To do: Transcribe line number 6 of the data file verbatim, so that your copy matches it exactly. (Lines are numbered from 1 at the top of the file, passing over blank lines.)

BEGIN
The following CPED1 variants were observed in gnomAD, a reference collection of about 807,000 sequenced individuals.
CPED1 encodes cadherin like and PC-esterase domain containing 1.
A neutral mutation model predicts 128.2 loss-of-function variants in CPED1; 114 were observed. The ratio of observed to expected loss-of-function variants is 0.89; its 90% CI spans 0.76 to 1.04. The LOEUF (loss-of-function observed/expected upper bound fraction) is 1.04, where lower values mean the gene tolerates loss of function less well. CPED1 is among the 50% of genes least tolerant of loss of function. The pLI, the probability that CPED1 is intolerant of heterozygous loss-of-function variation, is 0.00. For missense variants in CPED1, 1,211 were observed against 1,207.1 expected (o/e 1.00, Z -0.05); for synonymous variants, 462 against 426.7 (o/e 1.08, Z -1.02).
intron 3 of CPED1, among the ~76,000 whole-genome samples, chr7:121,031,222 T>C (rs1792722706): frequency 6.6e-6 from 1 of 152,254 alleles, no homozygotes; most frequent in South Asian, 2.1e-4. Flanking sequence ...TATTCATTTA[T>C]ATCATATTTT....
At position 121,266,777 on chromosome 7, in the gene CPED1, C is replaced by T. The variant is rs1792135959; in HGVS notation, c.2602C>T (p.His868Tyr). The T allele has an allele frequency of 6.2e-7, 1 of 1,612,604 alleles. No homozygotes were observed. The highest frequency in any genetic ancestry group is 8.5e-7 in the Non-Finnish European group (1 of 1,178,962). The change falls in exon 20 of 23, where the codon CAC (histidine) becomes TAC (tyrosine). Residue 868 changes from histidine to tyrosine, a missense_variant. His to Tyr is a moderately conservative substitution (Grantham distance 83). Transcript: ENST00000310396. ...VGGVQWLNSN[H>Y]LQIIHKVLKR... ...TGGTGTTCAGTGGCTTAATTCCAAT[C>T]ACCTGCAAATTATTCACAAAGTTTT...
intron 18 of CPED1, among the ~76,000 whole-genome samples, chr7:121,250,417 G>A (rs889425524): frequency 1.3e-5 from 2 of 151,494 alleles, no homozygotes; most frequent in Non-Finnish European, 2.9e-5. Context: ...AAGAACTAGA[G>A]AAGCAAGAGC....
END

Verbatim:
intron 18 of CPED1, among the ~76,000 whole-genome samples, chr7:121,250,417 G>A (rs889425524): frequency 1.3e-5 from 2 of 151,494 alleles, no homozygotes; most frequent in Non-Finnish European, 2.9e-5. Context: ...AAGAACTAGA[G>A]AAGCAAGAGC....